Between ages eight and 12, she experiences severe disappointment and discouragement. She discovers that a classmate her age is valued and elevated simply because of his gender.
Still, she has been engaging in numerous menstruation practices that have directly violated several constitutional rights due to the exact bodily biological change. When a daughter in Nepal begins menstruation and develops sexual and reproductive health, the family believes that the girl is now an adult who must be protected from society to avoid harm.
Unlike her brother and male classmates, she must follow strict rules simply because she has reached reproductive maturity. How can we imagine a girl fighting against harmful touching and harassment in the school and community if she is not given a proper atmosphere at home to reject destructive habits, including menstrual practices? How can we expect her to leave the marriage proposal when raised in a setting where society constantly infringed on her constitutional rights?
Its effect and dignified menstruation
According to Global South Coalition for Dignified Menstruation (GSCDM), menstrual discrimination plays the role of cause and effect of many forms of sexual and gender-based violence (SGBV) against girls, including child marriage.
Symptomatically, girls are faced for at least two months in a year (5 days a month, 60 days a year) due to exclusionary perceptions and practices reinforcing menstrual discrimination at home, school, and community. Systemically, girls are led to believe by their families and society that they are lower, inferior, and powerless than boys.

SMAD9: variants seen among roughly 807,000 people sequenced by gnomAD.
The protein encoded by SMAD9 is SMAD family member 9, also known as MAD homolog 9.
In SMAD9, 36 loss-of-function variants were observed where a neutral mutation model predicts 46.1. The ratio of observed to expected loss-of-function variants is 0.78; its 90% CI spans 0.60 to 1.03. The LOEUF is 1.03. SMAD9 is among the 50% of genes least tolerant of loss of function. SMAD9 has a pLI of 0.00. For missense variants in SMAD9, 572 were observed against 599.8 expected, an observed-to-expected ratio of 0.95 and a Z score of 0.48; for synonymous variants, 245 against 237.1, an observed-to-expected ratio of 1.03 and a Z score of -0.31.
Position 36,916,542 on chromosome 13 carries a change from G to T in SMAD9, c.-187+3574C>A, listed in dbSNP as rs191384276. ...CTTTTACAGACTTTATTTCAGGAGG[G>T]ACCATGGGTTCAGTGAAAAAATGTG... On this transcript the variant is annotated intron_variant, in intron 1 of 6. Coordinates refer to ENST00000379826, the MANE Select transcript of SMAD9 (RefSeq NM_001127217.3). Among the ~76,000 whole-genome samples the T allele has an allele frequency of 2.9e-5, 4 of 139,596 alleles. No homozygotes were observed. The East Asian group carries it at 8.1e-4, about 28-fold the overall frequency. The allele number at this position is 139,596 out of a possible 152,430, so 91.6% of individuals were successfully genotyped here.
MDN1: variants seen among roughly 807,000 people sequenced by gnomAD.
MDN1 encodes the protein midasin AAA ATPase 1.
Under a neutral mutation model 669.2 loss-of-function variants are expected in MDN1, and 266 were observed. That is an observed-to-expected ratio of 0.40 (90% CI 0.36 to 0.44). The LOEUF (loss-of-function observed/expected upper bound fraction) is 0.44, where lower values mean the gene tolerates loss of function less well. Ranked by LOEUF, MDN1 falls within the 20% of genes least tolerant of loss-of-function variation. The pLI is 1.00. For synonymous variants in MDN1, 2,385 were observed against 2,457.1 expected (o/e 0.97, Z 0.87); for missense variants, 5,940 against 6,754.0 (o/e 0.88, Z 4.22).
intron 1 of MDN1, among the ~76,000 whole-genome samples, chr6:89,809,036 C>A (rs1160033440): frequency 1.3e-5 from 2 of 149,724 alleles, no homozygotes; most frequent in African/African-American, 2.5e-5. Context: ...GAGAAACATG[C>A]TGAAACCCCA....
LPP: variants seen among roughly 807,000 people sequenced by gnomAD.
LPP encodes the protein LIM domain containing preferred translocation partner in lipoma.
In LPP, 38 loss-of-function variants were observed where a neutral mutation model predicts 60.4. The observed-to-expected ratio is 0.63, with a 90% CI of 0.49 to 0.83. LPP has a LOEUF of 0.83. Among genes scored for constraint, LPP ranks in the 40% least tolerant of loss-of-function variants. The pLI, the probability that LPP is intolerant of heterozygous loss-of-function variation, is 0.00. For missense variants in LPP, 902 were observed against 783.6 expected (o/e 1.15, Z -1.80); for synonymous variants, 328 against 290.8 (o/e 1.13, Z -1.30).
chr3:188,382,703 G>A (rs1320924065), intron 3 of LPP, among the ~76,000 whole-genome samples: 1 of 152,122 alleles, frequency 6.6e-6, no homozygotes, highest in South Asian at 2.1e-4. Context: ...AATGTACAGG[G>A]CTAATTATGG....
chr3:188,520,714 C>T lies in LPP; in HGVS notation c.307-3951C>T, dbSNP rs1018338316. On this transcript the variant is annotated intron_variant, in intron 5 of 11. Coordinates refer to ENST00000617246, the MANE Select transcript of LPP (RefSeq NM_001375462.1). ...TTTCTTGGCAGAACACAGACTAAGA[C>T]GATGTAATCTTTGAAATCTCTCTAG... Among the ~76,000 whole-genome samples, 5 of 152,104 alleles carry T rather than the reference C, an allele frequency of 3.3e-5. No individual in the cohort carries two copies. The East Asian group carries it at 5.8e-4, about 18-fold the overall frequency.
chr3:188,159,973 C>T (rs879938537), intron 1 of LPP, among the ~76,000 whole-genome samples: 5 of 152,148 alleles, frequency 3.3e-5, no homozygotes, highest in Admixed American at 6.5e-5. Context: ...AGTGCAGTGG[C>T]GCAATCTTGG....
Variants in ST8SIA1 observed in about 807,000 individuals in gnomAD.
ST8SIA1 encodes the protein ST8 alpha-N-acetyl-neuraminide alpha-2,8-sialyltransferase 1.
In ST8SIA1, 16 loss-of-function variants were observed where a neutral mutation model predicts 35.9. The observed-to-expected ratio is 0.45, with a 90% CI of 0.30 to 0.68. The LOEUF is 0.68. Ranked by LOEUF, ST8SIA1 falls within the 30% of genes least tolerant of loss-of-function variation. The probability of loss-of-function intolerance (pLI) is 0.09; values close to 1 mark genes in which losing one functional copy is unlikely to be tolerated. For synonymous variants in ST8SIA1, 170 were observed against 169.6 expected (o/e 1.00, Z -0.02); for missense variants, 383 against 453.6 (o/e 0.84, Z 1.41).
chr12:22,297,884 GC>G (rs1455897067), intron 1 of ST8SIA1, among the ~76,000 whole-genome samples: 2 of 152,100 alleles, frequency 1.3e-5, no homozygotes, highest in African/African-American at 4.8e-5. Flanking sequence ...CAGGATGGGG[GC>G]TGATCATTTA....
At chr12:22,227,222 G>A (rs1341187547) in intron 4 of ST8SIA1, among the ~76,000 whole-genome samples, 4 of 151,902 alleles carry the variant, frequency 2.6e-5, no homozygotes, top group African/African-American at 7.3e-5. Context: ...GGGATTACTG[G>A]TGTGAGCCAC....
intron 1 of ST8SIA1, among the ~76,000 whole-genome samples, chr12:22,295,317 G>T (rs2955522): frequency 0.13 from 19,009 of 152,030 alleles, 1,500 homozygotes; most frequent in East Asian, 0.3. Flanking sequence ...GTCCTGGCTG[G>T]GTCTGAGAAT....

Eventually, girls believe they are less worthy and are coerced or trapped into voluntary, forced early, or child marriage. Menstruation was discussed regarding sanitation and management, but we neglected to emphasise that the topic is more about dignity than just sanitation. We could not comprehend that menstruation is not only related to concerns about maintaining better health, cleanliness, or the availability of menstrual pads.
Also, the topics of safe abortion, marriage, and contraception are always brought up while discussing SRHR; however, we never discuss dignified menstruation. Dignified menstruation discusses the social power structure in the context of gender-based violence. It tries to make clear that the main problem here is the discrimination that we experience monthly around the globe, regardless of religion or caste.
The solution to this problem is Dialogue. Dialogue. Dialogue. Dignified Menstruation and our fundamental rights should be discussed in every home and school. It fosters the development of women who can make decisions in the long run and assists daughters in developing their self-confidence.
Young daughters should be educated and made aware of our campaigns and movement as early as age five or six when they are just beginning to understand their surroundings. In their workplaces, policies, and programmes, the three pillars of government—public, private, and cooperative—should support dignified menstruation.